Contributed by Doris
Aman, Director of Carillon Activities, Arthur Satz Department of Music,
I am attaching several documents sent to me by Tim Verdin of Verdin Company https://www.verdin.com/ regarding the Hopeman Chime. These were part of the Meneely Company records entrusted to his father who recently passed away. You may find these supportive of your project as additional source documentation. The original Hopeman Chime bell array had the exact bell notes necessary to play the Star Spangled Banner. This was a marketing scheme for the Meneely Company. The original electric keyboard for the chime is stored in Rarebooks archives.
The advisor called in to inspect the bells in the 1960-early 1970's was James Lawson, then carillonneur at Riverside Carillon at New York City, friend of President Sproul. It was Lawson who suggested making a switch to the Eijsbouts carillon installation rather than repair the Meneely chime. Schulmerich and Eijsbouts become noticed due to the New York City World's Fair carillon installations. The blueprints you uploaded are from Schulmerich. More on Shulmerich and Eijsbouts at the Fair: http://nywf64.com/schulmerich02.shtml
It is pertinent to both Hopeman Chime and Hopeman Carillon that the Hopeman family were Dutch immigrants, shipbuilders by trade. They engineered the massive girder structures interior to the famous RRL library dome necessary to support the tonnage of bells additional to the stacked weight of books in Rush Rhees Library.
Many of the buildings on campus and along downtown Rochester are still graced by the intricate custom carpentry carvings of Hopeman Contractor workmen.
The bells bringing Dutch culture and music to the campus are within hearing distance to ring over family members buried in Mt. Hope Cemetery as a living memorial.
1920 "Carillon Planned As War Memorial," Democrat and Chronicle, May 21, 1920, Page 31.
Bell Music of Flanders May Be Introduced in Washington.
1921 "National Peace Carillon," Democrat and Chronicle, September 10, 1921, Page 10.
U.S. Carillon Resounds in Albany," Democrat and Chronicle,
September 19, 1927, Page 1.
Albany tonight dedicated the first municipal carillon in the country when Jef Denyen, Belgian carillonnieur, struck the opening notes on the sixty bell group in the tower of city hall.
the making of a university, by Jesse Leonard Rosenberger, with
an introduction by President Rush Rhees. Published October 1927.
Facing page 274: Rendering of main quadrangle of new College for Men showing library and bell lantern.
1928 "Arendt W. Hopeman, Contractor, Expires," Democrat and Chronicle, February 27, 1928, Page 15.
1928 Arendt Willem Hopeman (April 13, 1843 - February 26, 1928) Grave in Mt. Hope Cemetery
Hoeing Given New U. of R. Post," Democrat and Chronicle,
June 17, 1928, Page 17.
The children of the late A. W. Hopeman, Miss J. Margret Hopeman, Bertran C. Hopeman and Albert A. Hopeman have offered to supply a set of chimes to be installed in the library tower of the new campus, the gift to be a memorial to their father.
News From Meeting of Trustees," Rochester Review
8(1):140-141 (June-July 1928)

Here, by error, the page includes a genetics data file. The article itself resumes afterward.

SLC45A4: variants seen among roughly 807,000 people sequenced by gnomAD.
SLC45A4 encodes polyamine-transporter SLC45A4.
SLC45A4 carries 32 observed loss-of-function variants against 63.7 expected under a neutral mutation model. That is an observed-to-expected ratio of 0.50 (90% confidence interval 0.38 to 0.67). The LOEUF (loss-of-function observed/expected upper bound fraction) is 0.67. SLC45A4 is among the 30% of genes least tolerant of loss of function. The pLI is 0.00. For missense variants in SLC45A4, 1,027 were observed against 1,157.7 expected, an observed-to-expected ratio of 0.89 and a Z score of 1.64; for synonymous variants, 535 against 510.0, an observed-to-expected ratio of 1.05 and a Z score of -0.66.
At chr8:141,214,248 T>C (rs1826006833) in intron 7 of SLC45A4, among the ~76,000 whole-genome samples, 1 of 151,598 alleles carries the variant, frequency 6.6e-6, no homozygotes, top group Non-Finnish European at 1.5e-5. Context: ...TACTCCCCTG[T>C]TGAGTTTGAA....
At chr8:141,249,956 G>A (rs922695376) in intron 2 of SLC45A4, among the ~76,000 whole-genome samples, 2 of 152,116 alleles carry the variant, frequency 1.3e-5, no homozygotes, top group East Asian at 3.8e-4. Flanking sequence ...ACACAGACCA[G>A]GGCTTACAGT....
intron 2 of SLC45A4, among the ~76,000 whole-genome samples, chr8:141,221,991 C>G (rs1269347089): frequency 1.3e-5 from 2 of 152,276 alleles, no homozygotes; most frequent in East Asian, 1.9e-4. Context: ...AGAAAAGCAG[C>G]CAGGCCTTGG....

Page 141: Several important gifts were announced, four of which have not been previously reported in these pages. These include ... the gift of a set of chimes for the new campus of the College for Men, from the children of the late A. W. Hopeman as a memorial to their father. Inasmuch as A. W. Hopeman & Sons Company are the general contractors for the new college, this last gift is particularly striking evidence of their personal and permanent interest in the project.
Bells Given University," Democrat and Chronicle, February
22, 1929, Page 17. | Part
Hopeman Family Presents 15 Chimes in Memory of Builder at New Campus For Tower of Library.
1929 "Steel Frame Completed for New University Library, With Tower for Hopeman Chimes," Democrat and Chronicle, February 23, 1929, Page 16.
1929 Hopeman Chime Casting Records, Meneely Company records, September 1929
Memorial Chimes to Hang in New University Library Tower," Democrat
and Chronicle, September 29, 1929, Page 19.
The chimes are the gift to the University of Rochester by Margaret Hopeman, Bertram C. Hopeman and Albert A. Hopeman, in memory of their late father, Arendt William Hopeman, who died last year.
Are Raising the Hopeman Chimes Into the Bell Tower," Democrat
and Chronicle, October 13, 1929, Page 2.
Sam Gottry Carting Co.
Campus for Men Rapidly Taking Form," Rochester Review
8(1):3-5 (October-November 1929)
Page 4: Hopeman Chimes in Place.
The erection of steel framework for the books stacks within the tower is now well under way, while in the summit, or third tier, of the upper tower–165 feet above the ground–are the Hopeman Memorial Chimes, already in place. These beautiful bells, seventeen in number, were hung more than a month ago and are undergoing final adjustment and testing at this writing. Their total weight is 32,000 pounds, or sixteen tons, while the largest bell, the second greatest ever cast in the famous Meneeley foundry, weighs 7,500 pounds and is said to be one of the deepest toned bells outside of Europe. As previously announced, the chimes are the gift of J. Margaret Hopeman, Bertram C. Hopeman and Albert A. Hopeman, in memory of their father, Arendt William Hopeman, late head of the contracting organization which is building the new college for the University.
University Carillon Wins Approval of Music Authority," Democrat
and Chronicle, June 6, 1930, Page 17
Dr. Dayton C. Miller, World Famous Physicist, Says Bells 'Finest I Have Ever Heard' After Inspecting Installation in Library Building Tower.
Hopeman Memorial Chime," Democrat and Chronicle, October 26,
1930, Page 10D.